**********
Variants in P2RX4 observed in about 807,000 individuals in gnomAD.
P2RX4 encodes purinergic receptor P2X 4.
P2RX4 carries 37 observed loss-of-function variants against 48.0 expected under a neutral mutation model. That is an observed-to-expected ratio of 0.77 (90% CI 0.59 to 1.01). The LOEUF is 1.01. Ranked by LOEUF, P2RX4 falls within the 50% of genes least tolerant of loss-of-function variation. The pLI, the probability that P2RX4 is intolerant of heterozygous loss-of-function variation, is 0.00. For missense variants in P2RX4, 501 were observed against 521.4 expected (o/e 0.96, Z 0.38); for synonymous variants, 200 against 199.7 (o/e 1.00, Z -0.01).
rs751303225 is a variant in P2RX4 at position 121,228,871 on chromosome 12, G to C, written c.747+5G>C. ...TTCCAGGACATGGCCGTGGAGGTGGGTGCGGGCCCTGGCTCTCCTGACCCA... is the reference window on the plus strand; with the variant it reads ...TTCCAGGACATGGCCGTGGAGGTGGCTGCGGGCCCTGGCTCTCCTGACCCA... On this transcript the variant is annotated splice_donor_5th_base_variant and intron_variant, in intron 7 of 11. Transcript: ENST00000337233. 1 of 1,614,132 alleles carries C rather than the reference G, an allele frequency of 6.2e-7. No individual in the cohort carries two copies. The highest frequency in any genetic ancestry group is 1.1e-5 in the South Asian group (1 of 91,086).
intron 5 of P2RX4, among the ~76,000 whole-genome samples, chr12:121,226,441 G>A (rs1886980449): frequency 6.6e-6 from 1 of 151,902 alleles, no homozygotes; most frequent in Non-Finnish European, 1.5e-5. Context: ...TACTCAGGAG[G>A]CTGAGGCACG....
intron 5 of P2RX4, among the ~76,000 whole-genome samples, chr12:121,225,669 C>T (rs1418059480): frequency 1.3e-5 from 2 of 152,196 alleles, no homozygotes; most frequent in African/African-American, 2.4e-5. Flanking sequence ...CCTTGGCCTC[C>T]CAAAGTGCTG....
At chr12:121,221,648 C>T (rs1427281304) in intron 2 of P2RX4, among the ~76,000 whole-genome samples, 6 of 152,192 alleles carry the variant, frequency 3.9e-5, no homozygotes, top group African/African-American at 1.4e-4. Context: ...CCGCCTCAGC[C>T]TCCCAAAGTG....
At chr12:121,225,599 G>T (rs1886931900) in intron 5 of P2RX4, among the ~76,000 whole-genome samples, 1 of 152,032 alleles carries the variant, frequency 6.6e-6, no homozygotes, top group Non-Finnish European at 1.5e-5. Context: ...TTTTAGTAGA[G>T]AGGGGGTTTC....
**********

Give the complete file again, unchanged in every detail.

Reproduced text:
Variants in P2RX4 observed in about 807,000 individuals in gnomAD.
P2RX4 encodes purinergic receptor P2X 4.
P2RX4 carries 37 observed loss-of-function variants against 48.0 expected under a neutral mutation model. That is an observed-to-expected ratio of 0.77 (90% CI 0.59 to 1.01). The LOEUF is 1.01. Ranked by LOEUF, P2RX4 falls within the 50% of genes least tolerant of loss-of-function variation. The pLI, the probability that P2RX4 is intolerant of heterozygous loss-of-function variation, is 0.00. For missense variants in P2RX4, 501 were observed against 521.4 expected (o/e 0.96, Z 0.38); for synonymous variants, 200 against 199.7 (o/e 1.00, Z -0.01).
rs751303225 is a variant in P2RX4 at position 121,228,871 on chromosome 12, G to C, written c.747+5G>C. ...TTCCAGGACATGGCCGTGGAGGTGGGTGCGGGCCCTGGCTCTCCTGACCCA... is the reference window on the plus strand; with the variant it reads ...TTCCAGGACATGGCCGTGGAGGTGGCTGCGGGCCCTGGCTCTCCTGACCCA... On this transcript the variant is annotated splice_donor_5th_base_variant and intron_variant, in intron 7 of 11. Transcript: ENST00000337233. 1 of 1,614,132 alleles carries C rather than the reference G, an allele frequency of 6.2e-7. No individual in the cohort carries two copies. The highest frequency in any genetic ancestry group is 1.1e-5 in the South Asian group (1 of 91,086).
intron 5 of P2RX4, among the ~76,000 whole-genome samples, chr12:121,226,441 G>A (rs1886980449): frequency 6.6e-6 from 1 of 151,902 alleles, no homozygotes; most frequent in Non-Finnish European, 1.5e-5. Context: ...TACTCAGGAG[G>A]CTGAGGCACG....
intron 5 of P2RX4, among the ~76,000 whole-genome samples, chr12:121,225,669 C>T (rs1418059480): frequency 1.3e-5 from 2 of 152,196 alleles, no homozygotes; most frequent in African/African-American, 2.4e-5. Flanking sequence ...CCTTGGCCTC[C>T]CAAAGTGCTG....
At chr12:121,221,648 C>T (rs1427281304) in intron 2 of P2RX4, among the ~76,000 whole-genome samples, 6 of 152,192 alleles carry the variant, frequency 3.9e-5, no homozygotes, top group African/African-American at 1.4e-4. Context: ...CCGCCTCAGC[C>T]TCCCAAAGTG....
At chr12:121,225,599 G>T (rs1886931900) in intron 5 of P2RX4, among the ~76,000 whole-genome samples, 1 of 152,032 alleles carries the variant, frequency 6.6e-6, no homozygotes, top group Non-Finnish European at 1.5e-5. Context: ...TTTTAGTAGA[G>T]AGGGGGTTTC....